Great Britain Lions tour of Australia and New Zealand 'a possibility' says Nigel Wood

By Dave WoodsBBC rugby league correspondent
Great Britain Lions in 2007
Great Britain Lions beat New Zealand 3-0 in their 2007 series

A first Great Britain Lions tour in more than a decade is edging closer, says Rugby League International Federation chairman Nigel Wood.

A meeting in Sydney this week could pave the way for the Lions to tour the southern hemisphere in 2019.

Wood said: "That would be for matches against Australia, New Zealand and other nations. It's a real possibility.

"It's not a foregone conclusion, but I wouldn't be having this discussion if I didn't have a degree of confidence."

The Lions last played in a series against New Zealand in 2007. England, Scotland, Wales and Ireland have since played under their own banners.

Wood told BBC Radio 5 live's rugby league podcast he is travelling to Australia for the meeting he hopes will confirm the international calendar for the three years between this year's World Cup in Australia and the 2021 tournament in England.

The plans include a tour by New Zealand to Britain in 2018, the Lions tour in 2019 and the iconic Kangaroos visiting Britain in 2020.

Wood also wants to see more matches between Tier 2 nations, such as Scotland, Wales, Ireland and the Pacific countries, and the big three of Australia, New Zealand and England.

Late-gasp try earns Scotland draw with NZ

"We want to give them access to playing against England, Australia and New Zealand," said Wood, who is also chief executive of the Rugby Football League.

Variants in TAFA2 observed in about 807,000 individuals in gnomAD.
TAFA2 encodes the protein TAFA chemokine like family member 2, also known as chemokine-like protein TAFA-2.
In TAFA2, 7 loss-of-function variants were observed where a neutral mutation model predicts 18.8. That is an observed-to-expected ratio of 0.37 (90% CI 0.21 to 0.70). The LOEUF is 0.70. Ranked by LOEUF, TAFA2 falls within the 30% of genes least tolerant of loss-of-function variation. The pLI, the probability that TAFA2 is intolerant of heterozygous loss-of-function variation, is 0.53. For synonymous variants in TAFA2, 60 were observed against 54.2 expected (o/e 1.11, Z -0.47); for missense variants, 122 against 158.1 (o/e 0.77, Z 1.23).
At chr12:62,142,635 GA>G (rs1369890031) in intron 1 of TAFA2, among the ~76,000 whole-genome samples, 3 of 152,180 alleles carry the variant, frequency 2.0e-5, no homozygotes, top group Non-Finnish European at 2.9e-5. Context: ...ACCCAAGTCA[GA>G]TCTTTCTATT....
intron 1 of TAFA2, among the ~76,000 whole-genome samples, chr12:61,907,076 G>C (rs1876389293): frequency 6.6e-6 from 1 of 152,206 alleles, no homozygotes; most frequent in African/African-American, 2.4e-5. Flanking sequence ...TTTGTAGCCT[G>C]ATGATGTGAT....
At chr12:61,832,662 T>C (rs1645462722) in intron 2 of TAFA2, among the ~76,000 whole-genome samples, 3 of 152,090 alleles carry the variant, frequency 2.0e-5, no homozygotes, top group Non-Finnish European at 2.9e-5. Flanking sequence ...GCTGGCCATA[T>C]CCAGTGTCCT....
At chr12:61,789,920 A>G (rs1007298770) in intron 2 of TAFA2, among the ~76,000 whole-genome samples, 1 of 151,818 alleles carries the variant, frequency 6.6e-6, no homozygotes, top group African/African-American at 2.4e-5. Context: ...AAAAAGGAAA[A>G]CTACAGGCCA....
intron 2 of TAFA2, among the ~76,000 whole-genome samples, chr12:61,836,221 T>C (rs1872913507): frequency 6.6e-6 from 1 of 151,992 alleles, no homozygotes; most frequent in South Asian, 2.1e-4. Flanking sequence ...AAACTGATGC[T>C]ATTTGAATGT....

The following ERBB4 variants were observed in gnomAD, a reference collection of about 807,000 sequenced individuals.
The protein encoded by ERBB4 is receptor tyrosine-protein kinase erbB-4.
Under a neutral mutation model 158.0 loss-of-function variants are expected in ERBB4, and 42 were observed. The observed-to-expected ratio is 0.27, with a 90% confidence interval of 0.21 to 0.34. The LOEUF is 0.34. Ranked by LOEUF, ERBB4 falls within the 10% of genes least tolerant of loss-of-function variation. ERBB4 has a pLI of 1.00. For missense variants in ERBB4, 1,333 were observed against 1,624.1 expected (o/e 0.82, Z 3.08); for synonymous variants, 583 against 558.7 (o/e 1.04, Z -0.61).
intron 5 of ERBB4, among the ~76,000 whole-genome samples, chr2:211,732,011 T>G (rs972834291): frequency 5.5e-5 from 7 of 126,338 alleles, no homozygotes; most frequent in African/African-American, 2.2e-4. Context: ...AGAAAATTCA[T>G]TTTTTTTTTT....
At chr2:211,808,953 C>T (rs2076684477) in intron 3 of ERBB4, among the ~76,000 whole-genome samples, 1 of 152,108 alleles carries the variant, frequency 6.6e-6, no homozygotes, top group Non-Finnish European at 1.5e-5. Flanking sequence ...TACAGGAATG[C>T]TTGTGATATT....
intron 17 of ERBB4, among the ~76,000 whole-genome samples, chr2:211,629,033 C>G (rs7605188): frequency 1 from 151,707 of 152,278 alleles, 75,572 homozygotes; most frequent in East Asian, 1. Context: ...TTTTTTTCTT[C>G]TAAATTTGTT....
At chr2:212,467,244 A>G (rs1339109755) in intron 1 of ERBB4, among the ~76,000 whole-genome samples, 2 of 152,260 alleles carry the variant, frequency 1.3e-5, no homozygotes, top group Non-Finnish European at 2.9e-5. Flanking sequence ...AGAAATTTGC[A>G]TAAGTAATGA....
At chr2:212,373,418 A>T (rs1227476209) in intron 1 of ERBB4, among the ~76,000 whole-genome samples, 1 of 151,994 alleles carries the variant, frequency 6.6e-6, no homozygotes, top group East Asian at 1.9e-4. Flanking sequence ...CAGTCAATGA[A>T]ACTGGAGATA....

"We saw last year, for example, how spectacularly well Scotland did. But France have only played against Australia once in the last 10 years.

"There's a log-jam in terms of the aspirant nations that we're trying to improve and get stronger and put more quality and depth in the World Cup."

Wood said the aim was to "improve standards" and "deliver more compelling entertainment".

"The reality is that, for too long, there's only been two or three contenders," he said. "The aim is to grow nations four to eight, and then four to 12.

"People should remind themselves the Rugby Union World Cup didn't start until 1987 and they had similar number of nations, possibly a few more.

"But it's now the third biggest tournament in terms of global reach after the Olympics and the football World Cup.

"We've got to start making that progress."

Top Stories


Elsewhere on the BBC